“Paul, I joined the club to learn about wines and enjoy thoroughly the wines you have sent. The information is great and educational and I like the way it leans toward the humanist side rather than the technical side. Some of the bottles you have sent to me, however, list interesting information of which I… read more »
The maximum enjoyment of fine wines can only be accomplished by observing certain basic guidelines about how they are served. The service of wines includes the consideration of optimum temperature, the age, the uncorking of the bottle, and the pouring of the wine into the glass. The question is…which glass? Other than the closest drinking vessel at hand,… read more »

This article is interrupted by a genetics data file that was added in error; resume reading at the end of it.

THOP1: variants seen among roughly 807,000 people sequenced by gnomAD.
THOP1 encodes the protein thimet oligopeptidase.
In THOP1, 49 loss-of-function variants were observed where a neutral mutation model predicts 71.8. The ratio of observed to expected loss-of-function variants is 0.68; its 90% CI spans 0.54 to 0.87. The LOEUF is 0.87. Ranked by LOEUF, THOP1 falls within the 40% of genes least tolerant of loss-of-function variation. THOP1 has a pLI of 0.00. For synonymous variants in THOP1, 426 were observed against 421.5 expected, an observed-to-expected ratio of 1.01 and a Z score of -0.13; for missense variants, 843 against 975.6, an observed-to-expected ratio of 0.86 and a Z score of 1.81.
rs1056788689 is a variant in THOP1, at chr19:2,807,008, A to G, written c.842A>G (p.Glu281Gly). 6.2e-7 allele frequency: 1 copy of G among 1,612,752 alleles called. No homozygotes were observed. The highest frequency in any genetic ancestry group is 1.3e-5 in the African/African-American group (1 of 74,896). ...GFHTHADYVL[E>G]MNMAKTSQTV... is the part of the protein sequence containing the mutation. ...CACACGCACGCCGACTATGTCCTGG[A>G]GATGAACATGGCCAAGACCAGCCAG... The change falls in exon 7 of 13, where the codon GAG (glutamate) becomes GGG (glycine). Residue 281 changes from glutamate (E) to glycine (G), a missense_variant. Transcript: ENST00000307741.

The smell of yeast in wine. Can be interesting in young wines, when present in minimal amounts. Any dominant odor of yeast is a negative and usually a sign of incomplete fermentation. An aged yeasty bouquet is desirable in certain sparkling wines like Champagne.
Has been used interchangeably with ‘oaky’ where, in moderation, is desirable in some wines. Can also imply other non-oak wood qualities derived from defective barrel ageing, and would be considered to be faults in the wine.
A vinegary quality in a wine, due to the presence of acetic acid along with ethyl acetate in the wine.
The presence of acetic acid in wine, detected by odor and taste. A definite fault.
The feel of a wine when it is thick, soft, and smooth on the palate.
Taste and smell sensations of a vegetable nature. They add to the overall complexity of a wine in small amounts, but undesirable when excessive.